U.S. District Judge Emmet G. Sullivan in Washington ruled that the plaintiffs lack the legal right to sue, and that if the court took up the case, it would offend the separation of powers among the different branches of government.
The suit was brought by Common Cause, a citizen lobby group; Democratic Reps. John Lewis and Hank Johnson of Georgia, Michael Michaud of Maine, and Keith Ellison of Minnesota; and Mexican-born Erika Andiola, Celso Mireles and Caesar Vargas. The Mexican-born plaintiffs, who live in the United States, contend that a GOP-led filibuster in 2010 prevented the Senate from voting on a bill, known as the DREAM Act, which would have given them a legal path to citizenship. They say the now risk being deported because of the filibuster of that legislation.
"Plaintiffs identify no authority for the proposition that an individual has a 'procedural right' to any particular form of congressional consideration or debate on a bill," Sullivan wrote. He added that "plaintiffs' assertion that the bills are likely to be reintroduced does not demonstrate that the bills will ever be enacted by the House and the Senate and signed by the president."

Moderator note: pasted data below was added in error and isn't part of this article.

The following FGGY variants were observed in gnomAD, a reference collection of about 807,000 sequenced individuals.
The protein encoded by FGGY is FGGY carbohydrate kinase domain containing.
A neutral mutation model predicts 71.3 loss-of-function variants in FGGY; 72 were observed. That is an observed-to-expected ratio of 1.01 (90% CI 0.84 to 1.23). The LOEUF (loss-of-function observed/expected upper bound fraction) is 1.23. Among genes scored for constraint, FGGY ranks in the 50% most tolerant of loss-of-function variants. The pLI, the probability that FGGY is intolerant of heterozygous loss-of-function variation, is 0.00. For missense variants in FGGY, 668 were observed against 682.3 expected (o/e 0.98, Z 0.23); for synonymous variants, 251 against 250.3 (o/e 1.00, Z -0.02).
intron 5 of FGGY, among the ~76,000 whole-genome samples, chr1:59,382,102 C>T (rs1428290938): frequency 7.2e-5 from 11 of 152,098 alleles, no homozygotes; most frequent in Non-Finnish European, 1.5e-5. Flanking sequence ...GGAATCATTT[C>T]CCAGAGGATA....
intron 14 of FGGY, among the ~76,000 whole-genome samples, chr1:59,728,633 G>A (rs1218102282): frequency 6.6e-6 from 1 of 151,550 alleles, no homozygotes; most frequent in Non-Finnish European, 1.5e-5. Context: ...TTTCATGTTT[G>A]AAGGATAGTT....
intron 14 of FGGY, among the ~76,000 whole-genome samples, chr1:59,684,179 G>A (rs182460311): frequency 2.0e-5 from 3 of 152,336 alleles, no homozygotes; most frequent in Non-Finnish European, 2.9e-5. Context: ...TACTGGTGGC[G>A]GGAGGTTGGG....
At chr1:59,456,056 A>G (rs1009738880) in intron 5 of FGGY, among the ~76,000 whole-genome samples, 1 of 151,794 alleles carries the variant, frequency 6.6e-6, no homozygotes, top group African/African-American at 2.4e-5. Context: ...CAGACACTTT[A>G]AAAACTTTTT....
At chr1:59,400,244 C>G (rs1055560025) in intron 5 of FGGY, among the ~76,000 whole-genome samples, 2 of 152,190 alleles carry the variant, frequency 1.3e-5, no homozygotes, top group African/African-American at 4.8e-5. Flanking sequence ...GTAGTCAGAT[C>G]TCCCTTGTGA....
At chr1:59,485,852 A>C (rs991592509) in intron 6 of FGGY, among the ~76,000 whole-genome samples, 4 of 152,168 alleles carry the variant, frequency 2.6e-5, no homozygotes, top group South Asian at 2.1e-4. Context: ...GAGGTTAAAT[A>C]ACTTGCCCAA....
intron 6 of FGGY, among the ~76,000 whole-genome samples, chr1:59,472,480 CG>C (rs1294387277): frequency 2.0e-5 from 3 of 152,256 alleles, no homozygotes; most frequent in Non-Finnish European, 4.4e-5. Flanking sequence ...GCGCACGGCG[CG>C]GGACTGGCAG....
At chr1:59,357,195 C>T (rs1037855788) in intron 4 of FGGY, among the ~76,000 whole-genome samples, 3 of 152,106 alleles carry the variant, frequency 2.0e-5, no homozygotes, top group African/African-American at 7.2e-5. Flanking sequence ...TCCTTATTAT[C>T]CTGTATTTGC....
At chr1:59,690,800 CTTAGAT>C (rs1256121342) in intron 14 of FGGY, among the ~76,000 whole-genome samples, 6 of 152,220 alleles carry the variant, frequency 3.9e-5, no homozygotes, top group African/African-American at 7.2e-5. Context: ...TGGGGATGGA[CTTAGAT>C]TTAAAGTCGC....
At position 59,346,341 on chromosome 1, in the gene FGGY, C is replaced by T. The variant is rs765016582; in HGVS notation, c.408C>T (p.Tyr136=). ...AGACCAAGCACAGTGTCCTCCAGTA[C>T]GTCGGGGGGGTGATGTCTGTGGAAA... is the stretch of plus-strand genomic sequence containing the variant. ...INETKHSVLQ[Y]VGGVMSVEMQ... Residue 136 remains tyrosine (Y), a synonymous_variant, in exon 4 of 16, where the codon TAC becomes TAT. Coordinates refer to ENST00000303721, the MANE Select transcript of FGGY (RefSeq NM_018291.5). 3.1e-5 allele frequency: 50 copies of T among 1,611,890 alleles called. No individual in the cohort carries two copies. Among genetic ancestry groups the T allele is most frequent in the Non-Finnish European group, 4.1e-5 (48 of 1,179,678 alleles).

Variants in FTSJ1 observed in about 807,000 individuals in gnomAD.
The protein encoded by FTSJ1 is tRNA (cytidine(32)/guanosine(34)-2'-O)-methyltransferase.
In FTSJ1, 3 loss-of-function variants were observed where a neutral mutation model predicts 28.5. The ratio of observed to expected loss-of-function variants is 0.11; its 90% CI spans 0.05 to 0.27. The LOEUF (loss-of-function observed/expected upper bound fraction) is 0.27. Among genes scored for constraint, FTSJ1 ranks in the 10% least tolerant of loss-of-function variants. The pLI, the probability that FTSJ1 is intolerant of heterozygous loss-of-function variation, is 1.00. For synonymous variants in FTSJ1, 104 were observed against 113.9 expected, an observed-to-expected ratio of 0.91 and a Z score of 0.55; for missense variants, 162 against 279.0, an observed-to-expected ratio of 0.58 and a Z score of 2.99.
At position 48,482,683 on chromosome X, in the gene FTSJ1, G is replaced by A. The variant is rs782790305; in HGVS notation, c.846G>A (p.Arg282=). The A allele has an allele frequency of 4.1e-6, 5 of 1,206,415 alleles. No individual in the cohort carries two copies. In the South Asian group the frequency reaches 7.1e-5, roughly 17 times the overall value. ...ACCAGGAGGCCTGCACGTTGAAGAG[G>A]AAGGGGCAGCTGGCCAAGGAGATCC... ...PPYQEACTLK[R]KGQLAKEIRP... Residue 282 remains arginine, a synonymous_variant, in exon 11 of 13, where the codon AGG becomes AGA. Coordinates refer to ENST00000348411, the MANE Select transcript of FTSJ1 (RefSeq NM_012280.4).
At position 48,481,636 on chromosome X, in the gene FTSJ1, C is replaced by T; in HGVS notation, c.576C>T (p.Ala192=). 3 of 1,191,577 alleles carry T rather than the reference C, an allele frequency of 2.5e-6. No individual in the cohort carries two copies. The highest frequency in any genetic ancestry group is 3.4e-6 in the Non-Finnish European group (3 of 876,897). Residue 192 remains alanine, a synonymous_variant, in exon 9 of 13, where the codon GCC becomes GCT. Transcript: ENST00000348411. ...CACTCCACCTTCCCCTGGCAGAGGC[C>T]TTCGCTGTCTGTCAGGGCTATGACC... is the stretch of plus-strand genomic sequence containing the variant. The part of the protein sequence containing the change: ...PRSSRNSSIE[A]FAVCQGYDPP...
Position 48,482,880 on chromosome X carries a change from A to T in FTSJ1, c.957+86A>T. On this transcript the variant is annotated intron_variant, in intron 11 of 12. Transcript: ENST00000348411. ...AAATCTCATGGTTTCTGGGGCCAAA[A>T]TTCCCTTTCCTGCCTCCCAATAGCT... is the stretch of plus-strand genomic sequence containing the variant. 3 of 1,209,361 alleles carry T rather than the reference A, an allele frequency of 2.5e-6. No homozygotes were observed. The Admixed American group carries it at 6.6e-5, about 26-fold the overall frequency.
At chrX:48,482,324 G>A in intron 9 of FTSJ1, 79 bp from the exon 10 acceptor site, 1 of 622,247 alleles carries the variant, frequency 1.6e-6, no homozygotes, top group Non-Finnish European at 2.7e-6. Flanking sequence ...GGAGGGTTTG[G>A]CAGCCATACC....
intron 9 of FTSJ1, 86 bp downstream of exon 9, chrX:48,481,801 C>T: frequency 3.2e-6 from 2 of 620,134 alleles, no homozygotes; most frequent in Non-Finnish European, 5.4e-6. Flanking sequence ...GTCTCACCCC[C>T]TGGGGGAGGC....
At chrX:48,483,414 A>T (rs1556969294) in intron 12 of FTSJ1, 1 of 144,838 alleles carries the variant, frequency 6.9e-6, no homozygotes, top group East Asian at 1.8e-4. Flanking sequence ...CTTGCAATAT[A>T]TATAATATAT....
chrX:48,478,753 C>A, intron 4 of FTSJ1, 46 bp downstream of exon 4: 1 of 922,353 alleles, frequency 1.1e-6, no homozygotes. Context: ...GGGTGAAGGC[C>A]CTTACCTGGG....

Sullivan also expressed reservations about wading into a political dispute.
"The court is firmly convinced that to intrude into this area would offend the separation of powers on which the Constitution rests," wrote Sullivan, an appointee of President Bill Clinton. "Nowhere does the Constitution contain express requirements regarding the proper length of, or method for, the Senate to debate proposed legislation."
He said that Article I of the Constitution reserves to each chamber of Congress the power to determine the rules of its proceedings.
"Absent a rule's violation of an express constraint in the Constitution or an individual's fundamental rights, the internal proceedings of the legislative branch are beyond the jurisdiction of this Court," Sullivan wrote.
Senate Majority Leader Harry Reid, D-Nev., is considering changing Senate rules to narrow the use of filibusters. Reid has complained that Republicans are using the maneuver to block Democrats from advancing President Barack Obama's agenda.
Reid wants the ability to bring a bill before the Senate with the approval of a simple majority of its 100 members. Forty-one opponents could still resort to a filibuster to prevent the Senate from voting on the bill itself, but only by talking continuously about it on the Senate floor.
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